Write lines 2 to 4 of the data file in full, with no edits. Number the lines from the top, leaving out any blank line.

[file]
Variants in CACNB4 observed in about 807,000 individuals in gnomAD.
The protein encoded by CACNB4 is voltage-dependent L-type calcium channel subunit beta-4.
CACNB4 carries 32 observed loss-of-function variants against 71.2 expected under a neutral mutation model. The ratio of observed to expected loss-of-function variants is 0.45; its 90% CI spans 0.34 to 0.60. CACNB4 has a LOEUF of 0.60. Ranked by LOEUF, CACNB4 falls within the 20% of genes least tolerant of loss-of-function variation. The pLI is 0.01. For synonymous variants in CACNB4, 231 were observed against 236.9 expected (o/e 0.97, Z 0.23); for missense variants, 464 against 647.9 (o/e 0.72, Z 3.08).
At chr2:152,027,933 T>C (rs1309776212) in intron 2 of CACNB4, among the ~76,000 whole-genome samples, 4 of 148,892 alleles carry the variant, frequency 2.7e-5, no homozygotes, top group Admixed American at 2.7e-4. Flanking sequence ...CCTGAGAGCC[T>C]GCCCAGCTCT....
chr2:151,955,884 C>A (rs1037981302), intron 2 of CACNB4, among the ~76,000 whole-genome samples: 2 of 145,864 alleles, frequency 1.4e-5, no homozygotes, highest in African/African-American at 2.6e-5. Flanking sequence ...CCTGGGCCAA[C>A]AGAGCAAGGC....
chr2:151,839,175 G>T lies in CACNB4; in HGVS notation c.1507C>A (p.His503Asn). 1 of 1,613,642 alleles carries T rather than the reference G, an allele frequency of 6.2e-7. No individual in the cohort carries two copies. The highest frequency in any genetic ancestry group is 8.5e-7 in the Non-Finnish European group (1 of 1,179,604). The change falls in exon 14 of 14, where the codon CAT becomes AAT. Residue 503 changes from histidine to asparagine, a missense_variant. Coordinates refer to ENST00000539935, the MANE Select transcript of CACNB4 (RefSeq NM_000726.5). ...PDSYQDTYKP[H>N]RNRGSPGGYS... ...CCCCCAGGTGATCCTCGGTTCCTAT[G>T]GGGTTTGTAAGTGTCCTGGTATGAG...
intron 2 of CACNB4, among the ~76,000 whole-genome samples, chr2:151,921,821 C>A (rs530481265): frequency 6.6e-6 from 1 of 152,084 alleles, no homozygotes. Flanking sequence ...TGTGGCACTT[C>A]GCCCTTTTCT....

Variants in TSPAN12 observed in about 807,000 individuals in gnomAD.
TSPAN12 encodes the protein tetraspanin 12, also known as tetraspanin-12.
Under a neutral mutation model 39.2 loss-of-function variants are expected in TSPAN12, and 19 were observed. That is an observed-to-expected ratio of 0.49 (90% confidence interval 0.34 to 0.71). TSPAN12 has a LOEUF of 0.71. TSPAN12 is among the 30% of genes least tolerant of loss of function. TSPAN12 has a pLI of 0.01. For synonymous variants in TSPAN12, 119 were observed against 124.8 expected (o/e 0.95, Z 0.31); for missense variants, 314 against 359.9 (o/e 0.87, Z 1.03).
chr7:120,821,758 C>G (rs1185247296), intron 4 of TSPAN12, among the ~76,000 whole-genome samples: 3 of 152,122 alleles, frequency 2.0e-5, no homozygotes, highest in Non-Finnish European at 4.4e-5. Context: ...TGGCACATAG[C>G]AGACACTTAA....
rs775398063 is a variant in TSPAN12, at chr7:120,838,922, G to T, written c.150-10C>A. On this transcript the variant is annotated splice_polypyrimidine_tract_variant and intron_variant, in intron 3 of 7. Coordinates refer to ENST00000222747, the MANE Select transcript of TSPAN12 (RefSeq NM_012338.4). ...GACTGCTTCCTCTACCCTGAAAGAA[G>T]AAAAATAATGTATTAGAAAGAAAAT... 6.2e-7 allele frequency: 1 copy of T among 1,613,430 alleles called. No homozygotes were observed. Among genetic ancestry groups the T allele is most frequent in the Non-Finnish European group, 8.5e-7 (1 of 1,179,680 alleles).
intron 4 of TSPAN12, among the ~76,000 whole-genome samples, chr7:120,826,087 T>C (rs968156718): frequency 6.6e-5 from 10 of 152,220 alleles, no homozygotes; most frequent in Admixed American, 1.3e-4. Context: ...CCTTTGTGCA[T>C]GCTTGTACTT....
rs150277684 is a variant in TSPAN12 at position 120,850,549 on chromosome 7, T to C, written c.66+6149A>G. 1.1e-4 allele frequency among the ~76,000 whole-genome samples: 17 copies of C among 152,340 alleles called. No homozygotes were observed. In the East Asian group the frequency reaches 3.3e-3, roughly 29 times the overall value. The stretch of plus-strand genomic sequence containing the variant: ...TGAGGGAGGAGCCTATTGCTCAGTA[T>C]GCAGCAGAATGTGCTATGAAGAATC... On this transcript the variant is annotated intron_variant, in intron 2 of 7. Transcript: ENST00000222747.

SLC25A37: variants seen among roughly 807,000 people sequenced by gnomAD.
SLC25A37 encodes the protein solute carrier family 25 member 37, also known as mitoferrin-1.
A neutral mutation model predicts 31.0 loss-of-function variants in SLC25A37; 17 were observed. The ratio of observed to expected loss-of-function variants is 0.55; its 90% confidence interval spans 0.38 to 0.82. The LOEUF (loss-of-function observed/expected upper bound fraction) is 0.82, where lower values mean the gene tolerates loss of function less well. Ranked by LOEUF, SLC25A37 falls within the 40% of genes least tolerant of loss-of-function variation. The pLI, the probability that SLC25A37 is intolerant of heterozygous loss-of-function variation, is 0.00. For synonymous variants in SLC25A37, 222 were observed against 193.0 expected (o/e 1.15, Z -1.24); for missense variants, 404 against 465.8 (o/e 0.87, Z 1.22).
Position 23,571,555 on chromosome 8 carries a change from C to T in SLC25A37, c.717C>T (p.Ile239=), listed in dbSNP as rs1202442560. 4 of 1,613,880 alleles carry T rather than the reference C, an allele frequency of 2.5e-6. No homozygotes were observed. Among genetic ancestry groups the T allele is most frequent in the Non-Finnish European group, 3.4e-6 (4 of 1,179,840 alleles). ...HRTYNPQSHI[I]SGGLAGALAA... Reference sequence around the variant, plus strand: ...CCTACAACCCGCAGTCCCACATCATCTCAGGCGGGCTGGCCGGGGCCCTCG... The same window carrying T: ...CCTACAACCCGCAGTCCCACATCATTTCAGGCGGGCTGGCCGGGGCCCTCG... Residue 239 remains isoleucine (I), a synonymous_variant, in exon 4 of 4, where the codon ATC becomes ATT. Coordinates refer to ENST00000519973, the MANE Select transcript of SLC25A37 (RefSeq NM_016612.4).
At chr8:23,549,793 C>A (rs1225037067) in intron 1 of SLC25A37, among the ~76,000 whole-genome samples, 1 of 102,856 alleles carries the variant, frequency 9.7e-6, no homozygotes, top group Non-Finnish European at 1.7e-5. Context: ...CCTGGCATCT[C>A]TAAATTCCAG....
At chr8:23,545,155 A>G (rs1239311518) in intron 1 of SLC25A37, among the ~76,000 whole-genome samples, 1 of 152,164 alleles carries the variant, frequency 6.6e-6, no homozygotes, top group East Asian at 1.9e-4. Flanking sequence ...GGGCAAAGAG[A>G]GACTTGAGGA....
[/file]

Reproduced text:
The protein encoded by CACNB4 is voltage-dependent L-type calcium channel subunit beta-4.
CACNB4 carries 32 observed loss-of-function variants against 71.2 expected under a neutral mutation model. The ratio of observed to expected loss-of-function variants is 0.45; its 90% CI spans 0.34 to 0.60. CACNB4 has a LOEUF of 0.60. Ranked by LOEUF, CACNB4 falls within the 20% of genes least tolerant of loss-of-function variation. The pLI is 0.01. For synonymous variants in CACNB4, 231 were observed against 236.9 expected (o/e 0.97, Z 0.23); for missense variants, 464 against 647.9 (o/e 0.72, Z 3.08).
At chr2:152,027,933 T>C (rs1309776212) in intron 2 of CACNB4, among the ~76,000 whole-genome samples, 4 of 148,892 alleles carry the variant, frequency 2.7e-5, no homozygotes, top group Admixed American at 2.7e-4. Flanking sequence ...CCTGAGAGCC[T>C]GCCCAGCTCT....